Due to cultural, traditional and sometimes religious reasons, some categories of land rights holders are excluded from decision making on land. They are not involved even when the land they occupy is the subject for commercial investments. Women, the youth, migrants, and the aged and many other categories have increased vulnerability and risk dispossession without due recognition for their land rights and their consent to the investment decision. As a result of this, there is the need to manage the land acquisition process for investments in a way that recognizes and involves all the potentially excluded group in each particular context. In the same way, this calls for a dis-aggregated attention to the differential impacts of land based investments as not all the local land rights holders are impacted in the same way and therefore mitigation measure should also be tailored to the different categories.


Under our project “Achieving Gender Equality and Social Inclusion in Land Based Investments in Ghana” we aim at putting gender equality and social inclusion at the center of national interventions in managing and/or mitigating the impacts of land based investments to achieve responsible investments.

In recent years, private investors and government have shown a growing interest in the acquisition of large portions of arable land in Ghana to undertake various investment activities. However, based on our historical and cultural context, traditional authorities who manage the lands are familiar with acquisitions that are done on a small scale. Similarly, the legislative framework and institutional arrangements for land governance in Ghana are all structured to support land acquisitions on a small scale and not for commercial investments. This notwithstanding, incidents of large scale land acquisition for commercial investments in Ghana are on the increase.

To introduce the needed checks and balances in large scale land acquisitions, the Lands Commission of Ghana prepared the Guidelines on Large Scale Land Acquisition. The guidelines however focuses mainly on checks and balances that the Lands Commission must perform on any application for land registration of size more than 50 acres. While it was a good initiative, it failed to address the core issues at the preregistration stage where the investor engages directly with traditional authorities to agree on the land deal, at which point the issues affecting local land rights holders will need to be addressed.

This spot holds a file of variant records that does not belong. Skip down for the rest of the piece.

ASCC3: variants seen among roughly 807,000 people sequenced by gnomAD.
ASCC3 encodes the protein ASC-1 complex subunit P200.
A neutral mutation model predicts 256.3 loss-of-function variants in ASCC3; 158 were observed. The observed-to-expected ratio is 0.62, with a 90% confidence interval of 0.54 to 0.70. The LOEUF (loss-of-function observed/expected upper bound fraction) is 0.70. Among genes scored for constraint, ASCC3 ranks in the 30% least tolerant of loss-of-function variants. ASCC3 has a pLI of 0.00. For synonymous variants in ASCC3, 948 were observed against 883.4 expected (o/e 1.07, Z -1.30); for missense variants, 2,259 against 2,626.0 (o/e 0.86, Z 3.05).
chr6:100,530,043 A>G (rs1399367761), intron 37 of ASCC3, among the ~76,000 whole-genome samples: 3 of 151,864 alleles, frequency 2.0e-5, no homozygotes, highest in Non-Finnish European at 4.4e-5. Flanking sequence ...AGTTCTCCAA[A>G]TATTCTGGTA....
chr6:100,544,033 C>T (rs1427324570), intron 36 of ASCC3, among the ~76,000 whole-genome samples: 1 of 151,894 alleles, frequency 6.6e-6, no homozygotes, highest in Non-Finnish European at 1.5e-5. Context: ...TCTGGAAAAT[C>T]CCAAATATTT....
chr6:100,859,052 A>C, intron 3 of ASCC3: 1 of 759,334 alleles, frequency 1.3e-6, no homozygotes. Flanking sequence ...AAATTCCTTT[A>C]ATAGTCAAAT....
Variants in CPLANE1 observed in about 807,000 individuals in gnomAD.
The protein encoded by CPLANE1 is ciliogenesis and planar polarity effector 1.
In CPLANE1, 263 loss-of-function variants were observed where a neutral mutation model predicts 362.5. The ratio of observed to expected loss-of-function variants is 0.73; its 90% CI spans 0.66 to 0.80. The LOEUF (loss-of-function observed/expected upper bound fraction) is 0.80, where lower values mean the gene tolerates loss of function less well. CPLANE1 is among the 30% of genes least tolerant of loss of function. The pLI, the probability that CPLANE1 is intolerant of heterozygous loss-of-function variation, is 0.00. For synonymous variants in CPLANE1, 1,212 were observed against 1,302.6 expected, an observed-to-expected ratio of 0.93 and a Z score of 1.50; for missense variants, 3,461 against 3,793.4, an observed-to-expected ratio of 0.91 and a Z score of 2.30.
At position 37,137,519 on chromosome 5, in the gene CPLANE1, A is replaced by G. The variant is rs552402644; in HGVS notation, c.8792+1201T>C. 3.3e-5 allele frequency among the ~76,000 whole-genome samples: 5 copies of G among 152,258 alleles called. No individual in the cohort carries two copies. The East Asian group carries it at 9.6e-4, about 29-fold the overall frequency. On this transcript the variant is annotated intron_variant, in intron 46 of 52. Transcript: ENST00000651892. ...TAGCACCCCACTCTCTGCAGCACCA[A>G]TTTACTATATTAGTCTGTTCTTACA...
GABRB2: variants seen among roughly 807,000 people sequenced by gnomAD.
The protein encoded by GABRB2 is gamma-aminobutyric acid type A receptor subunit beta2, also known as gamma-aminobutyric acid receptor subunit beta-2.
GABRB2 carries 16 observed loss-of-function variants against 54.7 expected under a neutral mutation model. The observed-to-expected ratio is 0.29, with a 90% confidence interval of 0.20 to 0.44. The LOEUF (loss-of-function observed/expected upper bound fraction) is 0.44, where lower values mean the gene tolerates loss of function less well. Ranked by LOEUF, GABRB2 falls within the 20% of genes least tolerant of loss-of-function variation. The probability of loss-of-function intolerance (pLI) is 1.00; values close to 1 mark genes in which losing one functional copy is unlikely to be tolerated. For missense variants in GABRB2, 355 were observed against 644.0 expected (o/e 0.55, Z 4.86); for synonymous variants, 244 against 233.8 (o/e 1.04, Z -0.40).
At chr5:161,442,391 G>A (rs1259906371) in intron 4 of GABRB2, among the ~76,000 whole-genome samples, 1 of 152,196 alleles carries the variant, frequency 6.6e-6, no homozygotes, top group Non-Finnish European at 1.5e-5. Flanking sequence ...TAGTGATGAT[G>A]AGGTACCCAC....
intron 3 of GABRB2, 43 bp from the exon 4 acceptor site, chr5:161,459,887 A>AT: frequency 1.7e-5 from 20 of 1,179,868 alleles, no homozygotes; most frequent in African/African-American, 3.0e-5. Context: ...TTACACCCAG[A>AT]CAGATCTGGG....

In addition, the use of the Lands Commission Guidelines is limited mainly to the Lands Commission. Yet, to achieve socially responsible investment, there are roles to be played by other related institutions, including the private sector actors themselves.

Noting these gaps in the Lands Commission Guidelines, Landesa, in partnership with COLANDEF and with funding from DFID UK, has been working on developing comprehensive guidelines tailored to the Ghanaian context that would address the gaps found in the earlier work in achieving responsible investments. The Landesa/COLANDEF project is set to deliver guidebooks for the private sector, public sector and community actors to provide practical guides for all to work together in bringing about responsible land based investments.

While this will be a significant improvement on what has been done by the Lands Commission and other similar initiatives, there is also the need to pay some attention to Gender Equality and Social Inclusion (GESI) towards making land based investments responsible. This is important because in the Ghanaian cultural setting, women, migrants, and other vulnerable groups are considered as “outliers” and as a result, do not have an equal standing when it comes to decision making on the land.

With funding support from STAR GHANA, COLANDEF is on the implementation of the “Achieving Gender Equality and Social Inclusion in Land Based Investments in Ghana” project. This project will seek to unpack the impacts of land based investments on vulnerable groups, document the evidence of the differential impacts and raise awareness on these differential impacts. In the end, the project is expected to help all actors to review their strategies for land based investments to give attention to Gender Equality and Social Inclusion.